In a sympathy note to a friend upon the loss of a spouse, what shall you write? How to express the sympathizing tear, the empathetic note, the understanding mind?
Samuel Johnson gives us an example in this note written Jan 20, 1780, to his friend, a Dr. Lawrence who had recently lost his wife. It reads in part:
The loss, dear Sir, which you have lately suffered, I felt many years ago, and know therefore how much has been taken from you, and how little help can be had from consolation. He that outlives a wife whom he has long loved, sees himself disjoined from the only mind that has the same hopes, and fears, and interest; from the only companion with whom he has shared much good or evil; and with whom he could set his mind at liberty, to retrace the past or anticipate the future. The continuity of being is lacerated; the settled course of sentiment and action is stopped; and life stands suspended and motionless, till it is driven by external causes into a new channel. But the time of suspense is dreadful.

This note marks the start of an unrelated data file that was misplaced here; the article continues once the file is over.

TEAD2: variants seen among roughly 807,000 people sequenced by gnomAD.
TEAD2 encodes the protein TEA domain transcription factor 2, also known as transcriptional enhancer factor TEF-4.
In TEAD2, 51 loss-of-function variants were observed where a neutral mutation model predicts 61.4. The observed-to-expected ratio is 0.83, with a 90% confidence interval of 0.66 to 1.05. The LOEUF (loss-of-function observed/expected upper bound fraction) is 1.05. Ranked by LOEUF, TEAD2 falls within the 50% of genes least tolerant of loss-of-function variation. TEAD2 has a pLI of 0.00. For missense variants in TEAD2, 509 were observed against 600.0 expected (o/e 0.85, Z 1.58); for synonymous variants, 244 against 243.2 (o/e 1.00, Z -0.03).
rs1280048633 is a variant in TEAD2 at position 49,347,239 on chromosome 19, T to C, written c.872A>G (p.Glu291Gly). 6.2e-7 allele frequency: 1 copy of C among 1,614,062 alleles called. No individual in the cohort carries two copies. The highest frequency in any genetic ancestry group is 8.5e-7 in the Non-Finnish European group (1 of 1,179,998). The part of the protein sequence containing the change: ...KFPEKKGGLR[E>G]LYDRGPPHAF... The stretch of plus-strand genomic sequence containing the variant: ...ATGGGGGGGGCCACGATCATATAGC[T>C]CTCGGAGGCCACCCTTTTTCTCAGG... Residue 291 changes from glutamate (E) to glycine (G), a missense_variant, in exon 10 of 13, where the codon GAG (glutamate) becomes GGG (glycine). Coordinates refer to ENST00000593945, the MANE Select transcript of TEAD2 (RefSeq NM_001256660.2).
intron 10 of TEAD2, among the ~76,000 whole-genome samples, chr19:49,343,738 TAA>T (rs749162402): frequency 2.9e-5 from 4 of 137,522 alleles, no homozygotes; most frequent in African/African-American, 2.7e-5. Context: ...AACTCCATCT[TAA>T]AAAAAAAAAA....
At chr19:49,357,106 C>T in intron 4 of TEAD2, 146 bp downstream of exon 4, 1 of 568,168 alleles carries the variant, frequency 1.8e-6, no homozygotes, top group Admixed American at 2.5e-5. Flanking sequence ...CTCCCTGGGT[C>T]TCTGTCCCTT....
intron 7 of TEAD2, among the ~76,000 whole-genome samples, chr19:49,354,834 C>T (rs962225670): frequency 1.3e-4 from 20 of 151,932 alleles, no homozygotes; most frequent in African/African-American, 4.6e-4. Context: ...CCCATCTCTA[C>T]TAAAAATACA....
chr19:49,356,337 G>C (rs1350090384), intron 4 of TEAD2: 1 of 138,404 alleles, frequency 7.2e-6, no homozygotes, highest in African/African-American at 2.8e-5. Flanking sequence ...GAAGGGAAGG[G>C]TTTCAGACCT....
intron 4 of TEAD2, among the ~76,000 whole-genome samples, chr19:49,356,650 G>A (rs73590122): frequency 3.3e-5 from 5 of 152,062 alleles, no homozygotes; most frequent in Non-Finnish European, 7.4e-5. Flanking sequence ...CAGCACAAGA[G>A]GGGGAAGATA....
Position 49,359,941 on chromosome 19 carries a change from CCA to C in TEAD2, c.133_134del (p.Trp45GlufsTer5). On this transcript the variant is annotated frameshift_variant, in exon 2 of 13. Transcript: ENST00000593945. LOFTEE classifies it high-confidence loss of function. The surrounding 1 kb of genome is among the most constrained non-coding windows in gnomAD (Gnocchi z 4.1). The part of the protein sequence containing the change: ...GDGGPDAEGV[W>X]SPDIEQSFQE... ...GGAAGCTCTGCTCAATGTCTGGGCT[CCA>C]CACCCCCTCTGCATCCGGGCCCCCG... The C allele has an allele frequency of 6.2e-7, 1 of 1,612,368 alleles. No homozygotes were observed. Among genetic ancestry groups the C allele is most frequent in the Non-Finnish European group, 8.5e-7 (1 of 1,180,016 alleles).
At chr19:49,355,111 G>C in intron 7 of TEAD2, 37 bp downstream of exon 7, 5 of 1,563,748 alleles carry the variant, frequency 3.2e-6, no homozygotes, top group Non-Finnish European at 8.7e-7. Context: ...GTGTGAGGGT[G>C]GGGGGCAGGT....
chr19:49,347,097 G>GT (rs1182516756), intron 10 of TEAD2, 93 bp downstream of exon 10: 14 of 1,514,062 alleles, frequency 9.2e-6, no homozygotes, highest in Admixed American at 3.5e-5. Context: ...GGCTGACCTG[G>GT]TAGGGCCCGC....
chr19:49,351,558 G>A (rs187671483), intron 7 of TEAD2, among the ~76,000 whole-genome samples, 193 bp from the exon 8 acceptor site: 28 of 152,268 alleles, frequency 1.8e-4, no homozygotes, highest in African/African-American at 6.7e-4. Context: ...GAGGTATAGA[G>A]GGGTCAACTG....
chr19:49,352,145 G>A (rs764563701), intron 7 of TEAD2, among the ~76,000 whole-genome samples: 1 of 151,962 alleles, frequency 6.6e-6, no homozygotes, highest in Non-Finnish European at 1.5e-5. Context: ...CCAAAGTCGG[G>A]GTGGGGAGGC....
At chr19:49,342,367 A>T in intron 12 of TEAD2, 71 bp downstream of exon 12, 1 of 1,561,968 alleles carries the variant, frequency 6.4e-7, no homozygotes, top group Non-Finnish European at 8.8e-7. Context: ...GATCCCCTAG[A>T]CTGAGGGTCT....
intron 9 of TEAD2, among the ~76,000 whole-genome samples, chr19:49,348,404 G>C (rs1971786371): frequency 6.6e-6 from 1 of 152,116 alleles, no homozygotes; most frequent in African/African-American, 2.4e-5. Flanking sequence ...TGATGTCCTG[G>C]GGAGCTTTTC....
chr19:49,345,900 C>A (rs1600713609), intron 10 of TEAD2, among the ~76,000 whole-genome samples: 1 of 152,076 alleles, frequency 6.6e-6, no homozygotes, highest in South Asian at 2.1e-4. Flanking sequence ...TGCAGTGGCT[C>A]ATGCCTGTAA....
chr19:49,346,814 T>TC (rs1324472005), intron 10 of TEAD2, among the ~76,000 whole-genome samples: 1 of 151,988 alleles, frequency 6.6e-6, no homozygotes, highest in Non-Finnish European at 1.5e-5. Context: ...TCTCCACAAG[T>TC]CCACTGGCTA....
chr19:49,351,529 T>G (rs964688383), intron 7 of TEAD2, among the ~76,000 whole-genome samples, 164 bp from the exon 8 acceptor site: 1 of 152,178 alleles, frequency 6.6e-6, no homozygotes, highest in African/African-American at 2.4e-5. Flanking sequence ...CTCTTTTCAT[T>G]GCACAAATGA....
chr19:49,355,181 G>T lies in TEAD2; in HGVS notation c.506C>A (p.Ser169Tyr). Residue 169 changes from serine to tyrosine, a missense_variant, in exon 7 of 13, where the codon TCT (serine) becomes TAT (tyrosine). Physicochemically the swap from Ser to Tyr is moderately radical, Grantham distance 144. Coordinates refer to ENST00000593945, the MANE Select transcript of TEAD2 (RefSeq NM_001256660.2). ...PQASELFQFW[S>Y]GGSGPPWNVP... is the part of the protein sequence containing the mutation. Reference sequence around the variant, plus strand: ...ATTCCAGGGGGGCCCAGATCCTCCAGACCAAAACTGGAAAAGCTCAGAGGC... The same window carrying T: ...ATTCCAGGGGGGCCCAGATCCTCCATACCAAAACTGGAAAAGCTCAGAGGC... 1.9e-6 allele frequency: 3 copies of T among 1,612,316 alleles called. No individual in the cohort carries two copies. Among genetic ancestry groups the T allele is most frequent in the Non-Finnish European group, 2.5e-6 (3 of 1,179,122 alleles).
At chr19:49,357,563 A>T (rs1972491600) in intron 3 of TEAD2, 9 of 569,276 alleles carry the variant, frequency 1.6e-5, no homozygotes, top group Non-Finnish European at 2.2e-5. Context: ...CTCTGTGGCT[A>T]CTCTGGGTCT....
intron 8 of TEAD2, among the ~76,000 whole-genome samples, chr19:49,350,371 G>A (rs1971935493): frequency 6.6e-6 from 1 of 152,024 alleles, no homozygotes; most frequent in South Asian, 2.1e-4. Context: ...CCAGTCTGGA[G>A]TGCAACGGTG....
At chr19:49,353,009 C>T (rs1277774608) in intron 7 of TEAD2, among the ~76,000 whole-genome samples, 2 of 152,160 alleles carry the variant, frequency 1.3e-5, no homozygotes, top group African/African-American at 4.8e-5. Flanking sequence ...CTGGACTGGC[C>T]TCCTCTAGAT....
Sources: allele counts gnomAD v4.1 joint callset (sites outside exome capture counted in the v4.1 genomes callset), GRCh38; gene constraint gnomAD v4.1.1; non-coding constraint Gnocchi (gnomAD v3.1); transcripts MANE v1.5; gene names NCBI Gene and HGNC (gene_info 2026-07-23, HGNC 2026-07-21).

Truly, this is a man who knows.
This is taken from the Christian History Institute’s Today in Christian History.